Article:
Despite the business uncertainty caused by the coronavirus crisis, 2020 has still been a more eventful year for marketing M&A activity than may have been expected. Matt Lacey, managing director at corporate advisory Waypoint Partners, reviews the year in deals.
Contrary to what some might think, we didn’t see a complete halt in M&A activity in the marcoms sector in 2020. Q2 was understandably quiet in our industry – as it was for the entire global economy – but we’ve seen an acceleration of activity from early Q3. This has especially been the case in the UK as entrepreneurs seek to finalise transactions ahead of the new tax year. Despite the disrupted market, many of the acquisition trends gathering pace in 2018 and 2019 continued to accelerate through 2020.
Continuing shifts in the nature of the top buyers
In 2018, the established global networks accounted for 40% of all transactions (by volume of deals) but that halved over 2019 and 2020. This was partially down to focus as they instead put emphasis on restructuring internally to futureproof operations. However, with an increasingly disruptive and creative acquirer landscape, it’s fair to say it’s more difficult than ever for networks to compete. WPP just topped Dentsu to return to pole position amongst the networks, although Merkle was the most acquisitive network brand.
We saw Dentsu complete its purchase of the remaining 34% of Merkle in April, ahead of the original 2021 buyout date. Since being bought by Dentsu, originally a 66% stake in August 2016, Merkle has maintained its own growth agenda and acquirer brand. However, as a major restructuring programme moves it closer to the integrated “One Dentsu” approach, it will be interesting to see how Merkle maintains its appeal as a home for independent agency leaders – especially in light of the recently announced Dentsu International restructuring. A similar question can be asked of brands like WPP’s Wunderman Thompson.
What 2020 has shown us (aside from Zoom calls)
Since 2018, the top 10 buyers list so beloved of all M&A advisors has seen the networks lose their dominance to the consultancies (Accenture, Deloitte, LRW) and new-era agency groups. Each has its own take on how to challenge the traditional model, but all are very well-funded and in a hurry to gain market share.
There was notable activity from agency groups such as S4 Capital, Jellyfish, Carlyle-backed Dept and Waterland-backed Intracto. What we call the 'hybrid groups' also made their mark. These operate as specialist investors but aim to deliver group interoperability: Hakuhodo-owned Kyu, The Stagwell Group You and Mr. Jones have been the main market forces to date, and taken together represent just under 10% of the core deal flow.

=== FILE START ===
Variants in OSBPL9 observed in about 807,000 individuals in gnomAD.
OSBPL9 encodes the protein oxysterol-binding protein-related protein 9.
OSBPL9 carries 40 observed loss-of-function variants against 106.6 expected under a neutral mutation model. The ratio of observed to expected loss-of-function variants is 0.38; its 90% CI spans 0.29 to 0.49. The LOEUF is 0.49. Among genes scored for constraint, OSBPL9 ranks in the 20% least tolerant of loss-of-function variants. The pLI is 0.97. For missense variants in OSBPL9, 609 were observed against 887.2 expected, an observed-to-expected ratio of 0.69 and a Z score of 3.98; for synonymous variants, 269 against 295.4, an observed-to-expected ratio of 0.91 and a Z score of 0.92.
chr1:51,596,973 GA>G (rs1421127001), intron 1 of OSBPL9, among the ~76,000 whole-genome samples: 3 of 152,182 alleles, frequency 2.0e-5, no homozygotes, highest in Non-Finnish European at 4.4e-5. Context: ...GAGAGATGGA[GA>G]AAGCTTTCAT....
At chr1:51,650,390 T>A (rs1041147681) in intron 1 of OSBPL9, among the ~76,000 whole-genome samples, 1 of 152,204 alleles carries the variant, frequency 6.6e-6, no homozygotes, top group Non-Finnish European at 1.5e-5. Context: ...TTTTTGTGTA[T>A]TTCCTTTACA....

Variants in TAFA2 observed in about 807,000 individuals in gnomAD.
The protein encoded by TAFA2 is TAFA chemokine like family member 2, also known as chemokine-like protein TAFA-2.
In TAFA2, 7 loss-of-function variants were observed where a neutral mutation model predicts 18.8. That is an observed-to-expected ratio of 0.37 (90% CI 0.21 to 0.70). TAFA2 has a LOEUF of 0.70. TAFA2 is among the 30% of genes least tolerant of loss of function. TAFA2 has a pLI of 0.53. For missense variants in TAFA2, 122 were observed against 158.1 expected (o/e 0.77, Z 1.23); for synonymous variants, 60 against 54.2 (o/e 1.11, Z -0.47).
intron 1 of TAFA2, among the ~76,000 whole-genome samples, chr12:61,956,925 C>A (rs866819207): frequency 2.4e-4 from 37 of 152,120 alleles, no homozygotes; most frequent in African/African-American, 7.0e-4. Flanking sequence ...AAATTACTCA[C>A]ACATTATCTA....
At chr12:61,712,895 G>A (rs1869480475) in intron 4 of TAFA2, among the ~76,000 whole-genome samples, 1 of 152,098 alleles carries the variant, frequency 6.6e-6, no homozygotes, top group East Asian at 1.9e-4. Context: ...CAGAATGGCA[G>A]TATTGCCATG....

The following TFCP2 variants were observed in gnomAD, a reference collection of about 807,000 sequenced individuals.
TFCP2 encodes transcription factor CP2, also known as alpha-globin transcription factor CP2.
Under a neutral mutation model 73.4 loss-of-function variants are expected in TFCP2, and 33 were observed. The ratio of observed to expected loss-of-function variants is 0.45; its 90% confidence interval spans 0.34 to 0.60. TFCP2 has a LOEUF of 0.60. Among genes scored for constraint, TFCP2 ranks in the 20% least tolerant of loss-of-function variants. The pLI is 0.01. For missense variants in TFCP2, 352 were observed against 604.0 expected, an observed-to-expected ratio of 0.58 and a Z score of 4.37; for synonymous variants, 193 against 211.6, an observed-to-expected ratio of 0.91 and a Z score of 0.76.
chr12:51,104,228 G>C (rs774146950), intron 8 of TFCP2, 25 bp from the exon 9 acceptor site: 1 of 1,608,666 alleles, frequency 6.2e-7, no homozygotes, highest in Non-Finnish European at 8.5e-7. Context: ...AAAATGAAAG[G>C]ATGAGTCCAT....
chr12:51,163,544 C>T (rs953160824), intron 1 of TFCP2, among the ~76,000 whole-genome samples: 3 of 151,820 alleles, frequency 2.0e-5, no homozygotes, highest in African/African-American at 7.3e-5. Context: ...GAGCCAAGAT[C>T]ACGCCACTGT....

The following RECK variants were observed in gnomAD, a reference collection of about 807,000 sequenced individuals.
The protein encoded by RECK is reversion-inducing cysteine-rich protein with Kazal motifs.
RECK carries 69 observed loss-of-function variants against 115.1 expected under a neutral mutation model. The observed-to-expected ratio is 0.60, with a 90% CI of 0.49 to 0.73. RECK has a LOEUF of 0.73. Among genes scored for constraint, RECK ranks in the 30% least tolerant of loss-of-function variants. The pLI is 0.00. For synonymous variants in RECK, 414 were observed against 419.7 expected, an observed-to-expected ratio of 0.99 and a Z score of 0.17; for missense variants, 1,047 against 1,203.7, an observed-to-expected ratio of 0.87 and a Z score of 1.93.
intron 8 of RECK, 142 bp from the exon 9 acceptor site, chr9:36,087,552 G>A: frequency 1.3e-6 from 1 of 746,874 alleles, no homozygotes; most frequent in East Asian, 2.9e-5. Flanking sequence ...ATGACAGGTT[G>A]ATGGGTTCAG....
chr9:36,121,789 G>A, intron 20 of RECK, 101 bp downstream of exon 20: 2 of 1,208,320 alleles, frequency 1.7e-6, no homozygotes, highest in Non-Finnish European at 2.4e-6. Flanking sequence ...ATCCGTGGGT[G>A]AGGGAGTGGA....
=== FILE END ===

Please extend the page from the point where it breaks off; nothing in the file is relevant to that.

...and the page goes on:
In 2020 some of the most exciting deals have been made by these newer players. Here are their highlights:
S4 Capital is showing absolutely no signs of slowing down, having made six acquisitions this year, including Brightblue Consulting and Dare.Win. Announcing its first pre-tax profits in November, it’s certainly a group with momentum and remains stock market stardust. Its more recent deals have been bolt-ons for the existing core S4C businesses rather than new platforms; but with bold plans it may not be long before we see the next platform deal.
Stagwell. A slowdown in deal volumes this year is hardly surprising given its pending takeover of MDC. We can reasonably expect that it is building the pipeline for a busy 2021 though.
Kyu, a Hakuhodo business, is a specialist curated network of bespoke capabilities. It invested in UK firm Public Digital in October this year and supported follow-on acquisitions for Kepler and Sid Lee with the acquisitions of Infectious Media and Denizen in early December. This approach of supporting companies in its collective to build their businesses is a major departure from the MO of the holding companies.
Carlyle Group-backed Dept continued building its strength in digital disciplines with the acquisition of west coast branding and digital design agency Basic. This marks the first US acquisition for Dept. With the firepower Carlyle brings to support international ambitions, we can expect it to be an active buyer in 2021.
BlueFocus, the Chinese marketing services firm, possibly best known in the UK for its subsidiary We are Social, shelved its US listing plans for the international spin-off Blue Impact (comprising Vision7, We Are Social, Fuse Project and Metta). Vision7’s announcement of the acquisition of All Inclusive Marketing in October, may be a sign there’s more M&A activity to come from Blue Impact in 2021.
What of the consultancies?
Accenture Interactive has significantly reduced its M&A volumes in the last two years – with acquisitions coming primarily from its consulting practice and focused on data, cloud and cyber security.
We shouldn’t be surprised by this. Accenture needs to take stock of the many acquisitions it has made – some of them very sizeable – and figure out if and how these come together.
However, with the shutting down of its media auditing practice there is a large gap left in the shape of a media specialist. If Accenture makes a move to fill this gap, and if we also factor in the acquisition cost of Creative Drive earlier in the summer, we might see it retain a top 10 position by deal value, if not volume. Sir Martin Sorrell has spoken very publicly about Accenture as S4C’s key competitor, and we wait to see if this pressures a move from Accenture.
Challenger consultancy Elixiir, which went to IPO in the summer, is another public company to watch. It acquired UK Coast Digital in October and looks set to make further inroads in marketing services, bringing new consultancy blood to the industry.
If none of us followed the news, with the exception of the Q2 hiatus, 2020 would feel like a normal but full-on year with 2021 shaping up for more of the same.
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